Now back to the previous chart that we began with... if you are more of a short-term momentum trader or interested in taking profits, you would also be interested in watching the more recent key reversal point - at the $38.50 level. A clear reversal point such as this one provides a good location for a stop-loss. (It's always a good idea to use a stop-loss, preferably as a standing order with your broker, but at the very minimum, as a line on paper. Once you've identified such a line - exit the market as soon as the line is crossed. Emotionally, you'll probably want to hang-on - but if you stick to your plan... this is the difference between capturing your profits vs watching them disappear into thin air.)
So, in this case, you would sell this stock if it fell below the $38.50 level. If the market continues to move upwards, watch for key reversal points being left behind, and place your stops just below these levels. If you have a reversal point in close proximity to a short-term trendline or moving average, all the better. As the market moves upward you "lock-in" more and more of your profits. This is my favourite way of capturing paper profits, and is often referred to as the "trailing stop-loss."
You'll see that I've also charted MACD below the price chart. I've marked the buy and sell signals offered by MACD as small red and green arrows. In this case, you could use MACD as a confirmation of the buy and sell signals offered by the system referred to above: that is the use of trendlines, Moving Averages and Key Reversal Points.
Here's the second stock I charted in the previous issue... PLX (AMEX) -- another stock featuring a strong uptrend since December 1999.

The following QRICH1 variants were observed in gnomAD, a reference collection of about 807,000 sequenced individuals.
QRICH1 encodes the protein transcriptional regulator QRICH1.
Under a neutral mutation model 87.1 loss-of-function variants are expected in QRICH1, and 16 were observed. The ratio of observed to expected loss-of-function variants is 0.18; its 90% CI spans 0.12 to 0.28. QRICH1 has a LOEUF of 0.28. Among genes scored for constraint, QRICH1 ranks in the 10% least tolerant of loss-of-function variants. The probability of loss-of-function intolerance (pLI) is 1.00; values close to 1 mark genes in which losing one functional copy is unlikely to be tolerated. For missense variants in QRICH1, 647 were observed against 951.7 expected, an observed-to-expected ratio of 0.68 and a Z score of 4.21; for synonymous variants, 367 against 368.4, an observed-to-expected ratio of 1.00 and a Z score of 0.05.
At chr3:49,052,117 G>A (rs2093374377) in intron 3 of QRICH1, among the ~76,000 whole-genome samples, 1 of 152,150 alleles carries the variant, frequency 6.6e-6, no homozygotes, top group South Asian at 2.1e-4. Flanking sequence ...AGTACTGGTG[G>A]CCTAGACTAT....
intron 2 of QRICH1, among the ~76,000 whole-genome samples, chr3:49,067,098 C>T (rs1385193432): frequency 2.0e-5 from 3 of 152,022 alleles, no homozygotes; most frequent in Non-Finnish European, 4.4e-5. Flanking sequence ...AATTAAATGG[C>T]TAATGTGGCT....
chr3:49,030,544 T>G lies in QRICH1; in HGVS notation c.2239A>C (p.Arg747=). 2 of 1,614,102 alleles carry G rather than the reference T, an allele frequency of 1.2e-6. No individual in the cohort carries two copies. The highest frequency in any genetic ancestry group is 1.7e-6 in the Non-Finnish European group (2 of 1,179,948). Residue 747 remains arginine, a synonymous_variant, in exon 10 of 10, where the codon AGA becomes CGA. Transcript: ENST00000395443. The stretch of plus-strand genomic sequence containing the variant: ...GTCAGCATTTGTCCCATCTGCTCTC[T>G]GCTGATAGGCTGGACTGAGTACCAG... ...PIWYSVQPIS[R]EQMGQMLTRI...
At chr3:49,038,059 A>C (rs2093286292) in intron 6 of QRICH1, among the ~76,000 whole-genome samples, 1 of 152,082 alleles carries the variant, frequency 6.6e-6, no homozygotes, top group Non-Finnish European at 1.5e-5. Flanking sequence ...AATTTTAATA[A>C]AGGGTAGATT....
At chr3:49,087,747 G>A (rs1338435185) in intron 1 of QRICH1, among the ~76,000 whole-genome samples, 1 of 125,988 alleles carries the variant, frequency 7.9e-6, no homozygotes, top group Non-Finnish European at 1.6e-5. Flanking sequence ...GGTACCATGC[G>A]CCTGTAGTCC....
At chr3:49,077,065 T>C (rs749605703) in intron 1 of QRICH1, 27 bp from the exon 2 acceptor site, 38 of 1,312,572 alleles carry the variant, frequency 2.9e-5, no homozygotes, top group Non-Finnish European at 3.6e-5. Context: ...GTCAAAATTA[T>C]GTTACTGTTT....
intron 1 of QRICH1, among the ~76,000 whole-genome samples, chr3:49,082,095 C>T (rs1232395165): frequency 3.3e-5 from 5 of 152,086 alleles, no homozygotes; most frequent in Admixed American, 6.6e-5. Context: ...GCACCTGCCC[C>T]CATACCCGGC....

In this case, I've charted Parabolic SAR (blue dots on price chart) in addition to MACD. Parabolic SAR can be thought of as a mathematically-derived "stop" system. You can see that it is relatively meaningless during a sideways trending market, but once a market begins to trend it does offer helpful buy and sell signals. (I also recommend using it in conjunction with ADX/DM)
The premise is that as long as MACD is positive (above the zero line) it is safe to remain in an existing position. When MACD crosses down through the zero line - you have a warning of weakness in the market and time to check the trendlines, MAs, and reversal points. If you have confirming signals, this would be the time to sell.
By using SAR with MACD you can generate confirming signals. As long as MACD is positive, you can usually ignore SAR sell signals. A sell signal (or buy) from MACD and SAR at about the same time, however, is significant and is best heeded!
Once again, I would recommend that you follow this market with a trailing stop-loss to lock-in profits as it gains value. Conversely, if the price fell below $23, according to this chart it would be time to take your profit or minimize any loss.
The art of selling an existing position, and capturing paper profits (or avoiding crippling losses), is as important as buying at the right time and right price in the first place. The use of a system that works, such as the one discussed in this newsletter, makes the job much easier... and much more profitable in the long run.